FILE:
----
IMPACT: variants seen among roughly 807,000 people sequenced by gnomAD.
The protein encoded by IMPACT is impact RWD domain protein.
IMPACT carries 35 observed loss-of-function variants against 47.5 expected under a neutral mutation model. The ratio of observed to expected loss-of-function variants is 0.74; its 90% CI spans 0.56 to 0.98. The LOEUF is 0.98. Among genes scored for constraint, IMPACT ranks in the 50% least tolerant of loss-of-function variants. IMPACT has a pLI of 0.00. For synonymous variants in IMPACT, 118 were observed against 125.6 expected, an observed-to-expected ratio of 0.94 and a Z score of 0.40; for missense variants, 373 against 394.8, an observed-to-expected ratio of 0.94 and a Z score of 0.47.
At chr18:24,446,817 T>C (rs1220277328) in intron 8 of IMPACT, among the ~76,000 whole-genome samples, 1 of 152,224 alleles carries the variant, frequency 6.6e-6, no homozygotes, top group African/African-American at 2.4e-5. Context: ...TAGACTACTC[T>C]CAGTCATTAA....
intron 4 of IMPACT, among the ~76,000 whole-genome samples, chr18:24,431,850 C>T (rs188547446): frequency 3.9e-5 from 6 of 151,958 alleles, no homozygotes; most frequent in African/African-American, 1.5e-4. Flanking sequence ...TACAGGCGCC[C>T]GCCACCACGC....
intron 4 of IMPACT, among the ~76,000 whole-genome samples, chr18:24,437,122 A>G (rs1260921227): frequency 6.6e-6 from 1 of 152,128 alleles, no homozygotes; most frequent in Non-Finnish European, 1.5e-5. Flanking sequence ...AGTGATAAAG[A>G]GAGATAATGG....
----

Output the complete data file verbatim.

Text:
IMPACT: variants seen among roughly 807,000 people sequenced by gnomAD.
The protein encoded by IMPACT is impact RWD domain protein.
IMPACT carries 35 observed loss-of-function variants against 47.5 expected under a neutral mutation model. The ratio of observed to expected loss-of-function variants is 0.74; its 90% CI spans 0.56 to 0.98. The LOEUF is 0.98. Among genes scored for constraint, IMPACT ranks in the 50% least tolerant of loss-of-function variants. IMPACT has a pLI of 0.00. For synonymous variants in IMPACT, 118 were observed against 125.6 expected, an observed-to-expected ratio of 0.94 and a Z score of 0.40; for missense variants, 373 against 394.8, an observed-to-expected ratio of 0.94 and a Z score of 0.47.
At chr18:24,446,817 T>C (rs1220277328) in intron 8 of IMPACT, among the ~76,000 whole-genome samples, 1 of 152,224 alleles carries the variant, frequency 6.6e-6, no homozygotes, top group African/African-American at 2.4e-5. Context: ...TAGACTACTC[T>C]CAGTCATTAA....
intron 4 of IMPACT, among the ~76,000 whole-genome samples, chr18:24,431,850 C>T (rs188547446): frequency 3.9e-5 from 6 of 151,958 alleles, no homozygotes; most frequent in African/African-American, 1.5e-4. Flanking sequence ...TACAGGCGCC[C>T]GCCACCACGC....
intron 4 of IMPACT, among the ~76,000 whole-genome samples, chr18:24,437,122 A>G (rs1260921227): frequency 6.6e-6 from 1 of 152,128 alleles, no homozygotes; most frequent in Non-Finnish European, 1.5e-5. Flanking sequence ...AGTGATAAAG[A>G]GAGATAATGG....